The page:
Written by Kep
>Predatory Light – Death and the Twilight Hours
>New Mexico/Washington, USA
>Released May 20, 2022
>via 20 Buck Spin
Here’s what makes Predatory Light such an interesting black metal outfit, in my opinion: I don’t find their sound icy, raw, grim, desolate, or any of those usual adjectives. Instead there’s a strange heat, the creeping warmth of infernal fires just below, while serpentine riffs spiral and twist in unnatural winding patterns as though possessed by supernatural force. Is it black metal? The ear test says it obviously is, but it’s more than just that, an exercise in the entrancing with measured intent and a malevolent eye.
Death and the Twilight Hours is the second full-length release from this American four-piece, after 2016’s self-titled debut. There were several years of silence out of them after that first record, while the members were busy with their other projects: Superstition, a death metal group comprised of the same four players, put out a debut LP in 2019, while guitarist K.M. (also of Ash Borer) and frontman L.S. made additional waves in that year with their black metal project Vanum’s sophomore album. You’ll notice the overall level of quality in those other bands is quite high, and Predatory Light is no different. The songwriting, technical abilities, and production on display—the latter handled by Andrew Oswald, who also engineered all of the albums mention above, plus releases by Mortiferum, Vital Spirit, and Utzalu—are all top-notch.
The first thing you’re likely to notice in Death and the Twilight Hours, if you’re like me, is that there’s very little tremolo picking, at least in the sense you might expect. Predatory Light eschews that traditional aspect of black metal, but not the sweeping sort of approach that often goes with it. Their riffs are long, seemingly endless things that feel both grand and macabre, weaving and winding and circling, replete with turns and trills. K.M. and L.S. achieve a lightly distorted tone in their guitars that has plenty of sinewy body but feels clean, which lends itself well to those melodic riffs. The melodies worm their way into your ears, as devious as the serpentine images they conjure. L.S.’s throaty screams, while damn satisfying and imposingly performed, carry a bit less musical focus in relation to the guitars.
The album is comprised of four tracks over 38 minutes, a comfortable runtime that feels about perfect. The pacing helps quite a bit: opener “The Three Living and the Three Dead” and the title track, placed third, are both well over ten minutes in length, while “Wracked by Sacred Fires” between them and lead single “To Plead Like Angels” at the end are in the 6 ½-7-minute neighborhood. It’s highly intelligent album design and I couldn’t imagine them working as well as they do in any other order.
“The Three Living and the Three Dead” is the cornerstone of the record, an opening track that showcases everything that makes Predatory Light a force. It contains just a massive amount of extremely unique riff ideas, all of which develop and mutate and transition from one to the next and back again and then to a new idea seamlessly. It’s the kind of songwriting that makes a nearly 14-minute track flow by without ever dragging, beckoning the ear from riff to riff, every facet sliding smoothly together like the pieces of an infernal puzzle box. And don’t think just because it flows so well that there aren’t standout moments; setting aside how much I love the main couple of riffs, I was also captivated by the brooding doomy passage around four minutes in, and the triumphant return of a pair of snaking riffs from near the beginning a bit after eight minutes. There’s a brief false ending later, too, that leads to some sweet mid-tempo melodic ideas.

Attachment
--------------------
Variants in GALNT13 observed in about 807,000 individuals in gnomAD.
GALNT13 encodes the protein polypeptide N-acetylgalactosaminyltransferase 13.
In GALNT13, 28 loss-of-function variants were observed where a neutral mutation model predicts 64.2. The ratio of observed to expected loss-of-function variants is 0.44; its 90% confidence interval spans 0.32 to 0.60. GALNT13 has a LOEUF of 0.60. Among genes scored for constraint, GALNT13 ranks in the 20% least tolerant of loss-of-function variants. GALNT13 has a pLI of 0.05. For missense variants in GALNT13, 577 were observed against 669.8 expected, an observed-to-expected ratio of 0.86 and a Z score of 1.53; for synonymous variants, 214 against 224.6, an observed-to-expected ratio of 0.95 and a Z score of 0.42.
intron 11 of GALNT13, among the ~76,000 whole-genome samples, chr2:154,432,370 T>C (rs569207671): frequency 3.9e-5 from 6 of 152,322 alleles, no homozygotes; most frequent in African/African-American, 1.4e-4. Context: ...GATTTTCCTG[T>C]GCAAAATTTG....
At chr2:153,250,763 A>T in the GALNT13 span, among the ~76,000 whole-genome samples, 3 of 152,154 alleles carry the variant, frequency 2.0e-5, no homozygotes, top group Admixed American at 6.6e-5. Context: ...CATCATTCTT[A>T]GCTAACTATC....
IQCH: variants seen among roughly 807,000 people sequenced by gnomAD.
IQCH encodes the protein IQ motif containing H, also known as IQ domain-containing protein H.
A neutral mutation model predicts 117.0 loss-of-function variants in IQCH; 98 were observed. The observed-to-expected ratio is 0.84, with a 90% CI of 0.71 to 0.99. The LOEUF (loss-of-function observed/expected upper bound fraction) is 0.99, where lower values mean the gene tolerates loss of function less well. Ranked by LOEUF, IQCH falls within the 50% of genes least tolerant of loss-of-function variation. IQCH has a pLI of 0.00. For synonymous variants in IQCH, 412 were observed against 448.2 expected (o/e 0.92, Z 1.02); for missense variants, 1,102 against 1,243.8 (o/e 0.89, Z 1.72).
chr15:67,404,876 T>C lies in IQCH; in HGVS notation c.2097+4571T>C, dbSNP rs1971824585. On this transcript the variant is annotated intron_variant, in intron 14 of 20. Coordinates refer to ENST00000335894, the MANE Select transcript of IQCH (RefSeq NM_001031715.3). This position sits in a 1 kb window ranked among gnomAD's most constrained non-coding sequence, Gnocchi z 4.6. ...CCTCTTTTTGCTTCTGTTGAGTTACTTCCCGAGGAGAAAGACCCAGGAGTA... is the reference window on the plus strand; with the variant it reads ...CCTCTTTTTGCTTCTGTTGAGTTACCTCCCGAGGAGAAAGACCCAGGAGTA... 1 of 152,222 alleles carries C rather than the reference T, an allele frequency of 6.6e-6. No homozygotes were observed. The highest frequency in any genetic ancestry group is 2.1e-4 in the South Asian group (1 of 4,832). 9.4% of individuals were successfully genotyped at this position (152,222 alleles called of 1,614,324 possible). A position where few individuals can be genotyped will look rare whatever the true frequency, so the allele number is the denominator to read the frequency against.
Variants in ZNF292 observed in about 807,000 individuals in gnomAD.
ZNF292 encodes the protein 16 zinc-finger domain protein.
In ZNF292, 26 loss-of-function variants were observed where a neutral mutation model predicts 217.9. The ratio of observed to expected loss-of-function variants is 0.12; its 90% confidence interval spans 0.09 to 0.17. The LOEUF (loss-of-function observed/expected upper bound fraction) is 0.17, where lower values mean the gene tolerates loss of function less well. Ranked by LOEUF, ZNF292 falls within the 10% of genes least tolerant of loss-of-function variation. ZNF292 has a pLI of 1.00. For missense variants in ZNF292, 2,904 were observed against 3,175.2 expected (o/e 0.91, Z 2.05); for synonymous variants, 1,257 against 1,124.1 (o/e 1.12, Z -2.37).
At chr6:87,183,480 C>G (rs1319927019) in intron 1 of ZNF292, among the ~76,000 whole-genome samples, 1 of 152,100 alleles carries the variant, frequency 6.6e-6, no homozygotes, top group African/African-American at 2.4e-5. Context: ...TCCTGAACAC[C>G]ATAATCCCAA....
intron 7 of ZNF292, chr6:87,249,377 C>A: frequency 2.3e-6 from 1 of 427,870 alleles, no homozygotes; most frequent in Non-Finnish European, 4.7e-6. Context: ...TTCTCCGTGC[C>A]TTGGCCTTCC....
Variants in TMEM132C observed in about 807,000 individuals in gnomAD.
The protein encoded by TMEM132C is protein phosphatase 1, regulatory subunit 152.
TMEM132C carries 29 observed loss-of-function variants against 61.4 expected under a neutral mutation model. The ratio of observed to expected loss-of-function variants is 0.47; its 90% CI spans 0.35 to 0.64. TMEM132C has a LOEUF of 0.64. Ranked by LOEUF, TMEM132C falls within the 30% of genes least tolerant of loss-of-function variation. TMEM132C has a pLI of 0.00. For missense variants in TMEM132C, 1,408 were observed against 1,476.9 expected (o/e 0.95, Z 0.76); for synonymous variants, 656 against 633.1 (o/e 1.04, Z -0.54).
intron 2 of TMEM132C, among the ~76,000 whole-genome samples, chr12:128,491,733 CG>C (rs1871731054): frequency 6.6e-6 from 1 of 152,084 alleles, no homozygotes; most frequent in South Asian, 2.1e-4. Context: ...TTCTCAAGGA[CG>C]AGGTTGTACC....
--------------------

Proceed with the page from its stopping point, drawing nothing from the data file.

I probably don’t need to say this after gushing over them already, but the guitars are the stars of the show here in Death and the Twilight Hours. They are utterly hypnotic, weaving captivating spirals and beautiful patterns just in front of you at every turn. Every now and then you get a passage where the two play in harmony, and every time it’s a damn moment. But there are some flat out surprises, too, like the extended thrashy beat and shred just after 6:30 in the title track; that damn solo was so scorching I think it took my eyebrows off.
The drumming of D.M. and the low end of bassist D.J. make a formidable rhythm section that works as a strong foundation for those guitar stylings. Both show off impressive technique and their joint efforts create a truly full sound that keeps Predatory Light sounding as epic as possible. D.J. in particular has some extremely cool moments in “To Plead Like Angels”, and I honestly wish the album let him step to the forefront a little more, although it would be hard to find much space amongst the guitarwork.
The only flaw I can find in this album is a product of one of its strengths. It’s a side effect of the hypnotic, serpentine riffage that travels so smoothly from moment to moment, developing and changing, always fitting seamlessly into the next passage: the tracks can be hard to differentiate when it’s all so similarly mesmerizing. It’s tough to call it a fault, some listeners might even find it desirable, but I figure it’s worth mentioning.
THE BOTTOM LINE
Death and the Twilight Hours is a spiraling journey ever downwards toward evils unknown. The guitars will mesmerize you with their constant writhing, serpentine motion while the ever-flowing, ever-evolving songwriting pulls you close and takes you along. It’s clear that Predatory Light has created an experience that’s unique in the scene, and I highly recommend you hear it.